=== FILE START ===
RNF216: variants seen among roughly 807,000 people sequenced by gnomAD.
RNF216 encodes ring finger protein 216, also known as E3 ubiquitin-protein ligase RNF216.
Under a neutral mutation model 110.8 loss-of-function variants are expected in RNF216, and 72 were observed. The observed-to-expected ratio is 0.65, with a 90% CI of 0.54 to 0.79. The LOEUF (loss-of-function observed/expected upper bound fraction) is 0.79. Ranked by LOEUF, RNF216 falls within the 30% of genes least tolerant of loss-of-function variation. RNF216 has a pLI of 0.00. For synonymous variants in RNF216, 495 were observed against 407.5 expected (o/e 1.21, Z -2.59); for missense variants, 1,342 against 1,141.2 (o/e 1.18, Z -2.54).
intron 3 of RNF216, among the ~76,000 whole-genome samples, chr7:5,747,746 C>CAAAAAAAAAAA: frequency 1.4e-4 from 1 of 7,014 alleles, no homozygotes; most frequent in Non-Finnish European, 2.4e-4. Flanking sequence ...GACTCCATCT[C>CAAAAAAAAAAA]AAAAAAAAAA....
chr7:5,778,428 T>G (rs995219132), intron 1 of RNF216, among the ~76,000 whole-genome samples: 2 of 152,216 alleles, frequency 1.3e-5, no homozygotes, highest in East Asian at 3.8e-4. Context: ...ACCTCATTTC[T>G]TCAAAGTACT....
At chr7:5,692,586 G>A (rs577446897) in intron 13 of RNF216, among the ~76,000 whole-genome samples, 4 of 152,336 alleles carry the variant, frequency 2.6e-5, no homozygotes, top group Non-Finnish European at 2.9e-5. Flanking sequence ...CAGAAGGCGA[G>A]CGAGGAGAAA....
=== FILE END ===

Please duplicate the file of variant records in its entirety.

RNF216: variants seen among roughly 807,000 people sequenced by gnomAD.
RNF216 encodes ring finger protein 216, also known as E3 ubiquitin-protein ligase RNF216.
Under a neutral mutation model 110.8 loss-of-function variants are expected in RNF216, and 72 were observed. The observed-to-expected ratio is 0.65, with a 90% CI of 0.54 to 0.79. The LOEUF (loss-of-function observed/expected upper bound fraction) is 0.79. Ranked by LOEUF, RNF216 falls within the 30% of genes least tolerant of loss-of-function variation. RNF216 has a pLI of 0.00. For synonymous variants in RNF216, 495 were observed against 407.5 expected (o/e 1.21, Z -2.59); for missense variants, 1,342 against 1,141.2 (o/e 1.18, Z -2.54).
intron 3 of RNF216, among the ~76,000 whole-genome samples, chr7:5,747,746 C>CAAAAAAAAAAA: frequency 1.4e-4 from 1 of 7,014 alleles, no homozygotes; most frequent in Non-Finnish European, 2.4e-4. Flanking sequence ...GACTCCATCT[C>CAAAAAAAAAAA]AAAAAAAAAA....
chr7:5,778,428 T>G (rs995219132), intron 1 of RNF216, among the ~76,000 whole-genome samples: 2 of 152,216 alleles, frequency 1.3e-5, no homozygotes, highest in East Asian at 3.8e-4. Context: ...ACCTCATTTC[T>G]TCAAAGTACT....
At chr7:5,692,586 G>A (rs577446897) in intron 13 of RNF216, among the ~76,000 whole-genome samples, 4 of 152,336 alleles carry the variant, frequency 2.6e-5, no homozygotes, top group Non-Finnish European at 2.9e-5. Flanking sequence ...CAGAAGGCGA[G>A]CGAGGAGAAA....